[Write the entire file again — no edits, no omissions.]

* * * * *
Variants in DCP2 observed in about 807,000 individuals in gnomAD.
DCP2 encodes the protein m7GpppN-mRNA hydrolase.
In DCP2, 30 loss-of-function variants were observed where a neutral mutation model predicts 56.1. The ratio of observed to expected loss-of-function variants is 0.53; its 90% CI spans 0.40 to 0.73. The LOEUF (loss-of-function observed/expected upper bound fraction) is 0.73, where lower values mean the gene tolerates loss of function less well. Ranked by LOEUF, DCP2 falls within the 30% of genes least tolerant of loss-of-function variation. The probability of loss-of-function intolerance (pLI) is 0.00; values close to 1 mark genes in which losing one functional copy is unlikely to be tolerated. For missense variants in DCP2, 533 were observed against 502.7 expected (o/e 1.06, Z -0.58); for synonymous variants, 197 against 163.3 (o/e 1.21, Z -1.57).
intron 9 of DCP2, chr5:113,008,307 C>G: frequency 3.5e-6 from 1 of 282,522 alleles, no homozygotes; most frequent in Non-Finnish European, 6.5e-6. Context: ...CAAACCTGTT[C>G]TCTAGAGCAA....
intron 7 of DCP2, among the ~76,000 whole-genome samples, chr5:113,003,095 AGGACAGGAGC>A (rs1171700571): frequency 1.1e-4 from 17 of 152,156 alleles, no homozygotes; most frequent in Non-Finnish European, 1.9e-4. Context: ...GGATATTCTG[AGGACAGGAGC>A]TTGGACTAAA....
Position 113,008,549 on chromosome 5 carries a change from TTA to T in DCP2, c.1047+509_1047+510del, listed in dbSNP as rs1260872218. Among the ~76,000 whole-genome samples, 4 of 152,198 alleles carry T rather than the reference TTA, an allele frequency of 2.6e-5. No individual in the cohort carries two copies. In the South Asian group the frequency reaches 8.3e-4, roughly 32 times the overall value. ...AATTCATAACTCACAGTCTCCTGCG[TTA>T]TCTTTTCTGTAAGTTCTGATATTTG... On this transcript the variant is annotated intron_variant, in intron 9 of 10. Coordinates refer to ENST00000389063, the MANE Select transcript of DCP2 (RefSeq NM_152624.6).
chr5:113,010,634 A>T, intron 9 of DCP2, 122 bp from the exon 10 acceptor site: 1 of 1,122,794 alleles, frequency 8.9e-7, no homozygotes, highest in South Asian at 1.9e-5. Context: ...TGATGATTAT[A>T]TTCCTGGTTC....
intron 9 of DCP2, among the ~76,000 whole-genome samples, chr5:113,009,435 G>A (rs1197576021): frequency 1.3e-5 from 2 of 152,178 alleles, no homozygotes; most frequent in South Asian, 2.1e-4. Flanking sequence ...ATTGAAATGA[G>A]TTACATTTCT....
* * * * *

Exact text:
Variants in DCP2 observed in about 807,000 individuals in gnomAD.
DCP2 encodes the protein m7GpppN-mRNA hydrolase.
In DCP2, 30 loss-of-function variants were observed where a neutral mutation model predicts 56.1. The ratio of observed to expected loss-of-function variants is 0.53; its 90% CI spans 0.40 to 0.73. The LOEUF (loss-of-function observed/expected upper bound fraction) is 0.73, where lower values mean the gene tolerates loss of function less well. Ranked by LOEUF, DCP2 falls within the 30% of genes least tolerant of loss-of-function variation. The probability of loss-of-function intolerance (pLI) is 0.00; values close to 1 mark genes in which losing one functional copy is unlikely to be tolerated. For missense variants in DCP2, 533 were observed against 502.7 expected (o/e 1.06, Z -0.58); for synonymous variants, 197 against 163.3 (o/e 1.21, Z -1.57).
intron 9 of DCP2, chr5:113,008,307 C>G: frequency 3.5e-6 from 1 of 282,522 alleles, no homozygotes; most frequent in Non-Finnish European, 6.5e-6. Context: ...CAAACCTGTT[C>G]TCTAGAGCAA....
intron 7 of DCP2, among the ~76,000 whole-genome samples, chr5:113,003,095 AGGACAGGAGC>A (rs1171700571): frequency 1.1e-4 from 17 of 152,156 alleles, no homozygotes; most frequent in Non-Finnish European, 1.9e-4. Context: ...GGATATTCTG[AGGACAGGAGC>A]TTGGACTAAA....
Position 113,008,549 on chromosome 5 carries a change from TTA to T in DCP2, c.1047+509_1047+510del, listed in dbSNP as rs1260872218. Among the ~76,000 whole-genome samples, 4 of 152,198 alleles carry T rather than the reference TTA, an allele frequency of 2.6e-5. No individual in the cohort carries two copies. In the South Asian group the frequency reaches 8.3e-4, roughly 32 times the overall value. ...AATTCATAACTCACAGTCTCCTGCG[TTA>T]TCTTTTCTGTAAGTTCTGATATTTG... On this transcript the variant is annotated intron_variant, in intron 9 of 10. Coordinates refer to ENST00000389063, the MANE Select transcript of DCP2 (RefSeq NM_152624.6).
chr5:113,010,634 A>T, intron 9 of DCP2, 122 bp from the exon 10 acceptor site: 1 of 1,122,794 alleles, frequency 8.9e-7, no homozygotes, highest in South Asian at 1.9e-5. Context: ...TGATGATTAT[A>T]TTCCTGGTTC....
intron 9 of DCP2, among the ~76,000 whole-genome samples, chr5:113,009,435 G>A (rs1197576021): frequency 1.3e-5 from 2 of 152,178 alleles, no homozygotes; most frequent in South Asian, 2.1e-4. Flanking sequence ...ATTGAAATGA[G>A]TTACATTTCT....